The market's had a bit of a mean streak this month, but volatility alone isn't hazardous to your portfolio's health. I'm more concerned about the stocks that have been rallying over the past year and change, with little to show for it in terms of improving fundamentals.

Even as the economy shows signs of life, there are still plenty of companies posting lower earnings than they did a year ago. Let's go over a few of the pretenders expected to go the wrong way on the bottom line next week.

Company

Latest Quarter EPS (Estimated)

Year-Ago Quarter EPS

TiVo (Nasdaq: TIVO)

($0.16)

($0.04)

Sigma Designs (Nasdaq: SIGM)

$0.23

$0.30

Diana Shipping (NYSE: DSX)

$0.34

$0.47

Conns (Nasdaq: CONN)

$0.19

$0.51

hhgregg (NYSE: HGG)

$0.25

$0.42

Novell (Nasdaq: NOVL)

$0.07

$0.08

Sociedad Quimica y Minera (NYSE: SQM)

$0.27

$0.33

Source: Yahoo! Finance.

Clearing the table
More companies will post lower earnings next week, but these are just a few of the names that really jump out at me.

Let's start with TiVo. The stock got hammered this month after the DVR pioneer suffered a surprising setback in a long-running patent infringement case. However, next Tuesday's projected shortfall has nothing to do with courtroom tussles. TiVo has had a hard time retaining its subscribers.

I made TiVo the subject of my weekly "Throw This Stock Away" column a few weeks ago, when the stock tradied in the high teens. It's since shed nearly half of its value. If you haven't looked up a quote on TiVo lately, shares are back in the single digits. Opportunistic investors may be tempted to nibble at this point, but the company needs to start growing again to remain relevant.

Sigma Designs makes microchips that help drive home-theater appliances such as DVD players, high-def televisions, and other high-tech set-top gadgetry. Analysts see lower quarterly results on Wednesday -- a bit of a surprise, given the company's blowout quarter earlier this year.

Diana Shipping is a dry bulk cargo shipper. This may not be a very sexy sector these days, but Wall Street still expects Diana Shipping to eke out modest earnings growth for all of 2010. In this topsy-turvy market, Diana Shipping's earnings multiple has dipped into the single digits.

Conns and hhgregg are consumer electronics retailers. They should be on top of the world right now. A year ago, Circuit City was slashing prices on all of its merchandise in the mother of all consumer electronics liquidation sales. It's gone now, so even smaller players should be gaining market share.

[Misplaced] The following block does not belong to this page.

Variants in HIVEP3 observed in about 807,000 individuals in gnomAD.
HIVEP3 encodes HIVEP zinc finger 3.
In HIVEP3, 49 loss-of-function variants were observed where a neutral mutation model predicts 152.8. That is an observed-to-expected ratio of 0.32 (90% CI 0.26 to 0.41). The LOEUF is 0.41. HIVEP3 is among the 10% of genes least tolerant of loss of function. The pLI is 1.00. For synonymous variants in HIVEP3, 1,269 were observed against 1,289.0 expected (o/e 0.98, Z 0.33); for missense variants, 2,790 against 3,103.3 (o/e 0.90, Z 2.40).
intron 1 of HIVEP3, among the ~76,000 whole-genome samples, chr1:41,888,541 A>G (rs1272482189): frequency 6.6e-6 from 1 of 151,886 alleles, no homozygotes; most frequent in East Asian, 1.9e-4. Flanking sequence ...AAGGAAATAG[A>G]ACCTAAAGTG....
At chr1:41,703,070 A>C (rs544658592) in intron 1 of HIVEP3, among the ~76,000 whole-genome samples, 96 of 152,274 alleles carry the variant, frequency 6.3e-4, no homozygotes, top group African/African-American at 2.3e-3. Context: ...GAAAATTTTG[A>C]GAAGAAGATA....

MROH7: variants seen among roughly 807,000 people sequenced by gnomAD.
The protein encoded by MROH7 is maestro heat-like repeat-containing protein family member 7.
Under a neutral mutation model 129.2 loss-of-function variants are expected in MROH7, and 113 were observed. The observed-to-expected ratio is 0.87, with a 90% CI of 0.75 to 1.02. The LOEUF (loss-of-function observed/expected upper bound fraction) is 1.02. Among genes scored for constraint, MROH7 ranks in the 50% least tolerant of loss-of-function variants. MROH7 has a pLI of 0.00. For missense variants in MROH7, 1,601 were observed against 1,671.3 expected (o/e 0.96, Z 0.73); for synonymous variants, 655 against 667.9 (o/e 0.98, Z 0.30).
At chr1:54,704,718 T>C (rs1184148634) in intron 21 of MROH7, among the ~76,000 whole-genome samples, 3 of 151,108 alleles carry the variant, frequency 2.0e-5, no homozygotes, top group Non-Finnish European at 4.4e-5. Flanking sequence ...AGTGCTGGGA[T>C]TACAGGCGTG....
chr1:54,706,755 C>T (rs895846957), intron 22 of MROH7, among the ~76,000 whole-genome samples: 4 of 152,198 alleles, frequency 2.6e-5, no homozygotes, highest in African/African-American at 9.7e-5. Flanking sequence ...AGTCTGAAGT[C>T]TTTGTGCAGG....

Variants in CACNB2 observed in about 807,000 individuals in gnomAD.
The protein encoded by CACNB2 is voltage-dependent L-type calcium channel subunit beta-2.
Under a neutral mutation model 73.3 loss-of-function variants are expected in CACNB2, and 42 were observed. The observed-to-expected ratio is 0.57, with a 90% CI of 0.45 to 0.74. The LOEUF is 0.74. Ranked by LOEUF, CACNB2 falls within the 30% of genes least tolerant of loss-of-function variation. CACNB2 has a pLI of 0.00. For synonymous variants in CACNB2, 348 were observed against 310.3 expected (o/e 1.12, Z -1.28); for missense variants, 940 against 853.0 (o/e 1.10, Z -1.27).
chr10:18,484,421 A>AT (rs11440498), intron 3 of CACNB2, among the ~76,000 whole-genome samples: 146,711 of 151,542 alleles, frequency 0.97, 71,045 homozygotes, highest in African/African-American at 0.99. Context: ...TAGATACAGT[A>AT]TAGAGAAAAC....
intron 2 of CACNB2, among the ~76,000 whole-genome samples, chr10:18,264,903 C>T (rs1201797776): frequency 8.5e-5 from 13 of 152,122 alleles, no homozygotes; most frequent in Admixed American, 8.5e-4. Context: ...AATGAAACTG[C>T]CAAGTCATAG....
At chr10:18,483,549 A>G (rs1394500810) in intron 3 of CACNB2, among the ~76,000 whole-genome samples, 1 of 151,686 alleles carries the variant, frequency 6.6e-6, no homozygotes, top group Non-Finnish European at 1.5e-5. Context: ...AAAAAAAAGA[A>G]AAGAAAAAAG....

Novell, the former networking software star, now finds itself on the auction block. It rebuffed an unsolicited buyout offer from a hedge fund two months ago. Now it's simply opening up the bidding process. The Wall Street Journal is reporting that as many as 20 different bidders may be fielding offers. This could get interesting, and next week's report may set the tone on how desperate Novell is to cash out.

Sociedad Quimica y Minera is a Chilean producer of specialty plant nutrients, iodine, and lithium. (Quimica and Minera are Spanish for "chemicals" and "minerals," respectively.) Fertilizer would seem to be an all-weather industry, but analysts expect this to be the company's fourth consecutive quarter of year-over-year declines on the bottom line.

Why the long face, short seller?
These seven companies have literally seen better days. The market has rewarded many of these stocks with healthy gains over the past year, but they still haven't earned those upticks.

The good news here is that Wall Street already expects these companies to deliver shrinking bottom lines. In other words, the bad news is already baked into the shares.

The more I think about it, the less worried I become.

Sigma Designs is a Motley Fool Rule Breakers selection. Try any of our Foolish newsletters today, free for 30 days.

Longtime Fool contributor Rick Munarriz wonders whether his contrarian heart will ever be happy. He does not own shares in any of the companies in this story. He is also part of the Rule Breakers newsletter research team, seeking out tomorrow's ultimate growth stocks a day early. The Fool has a disclosure policy.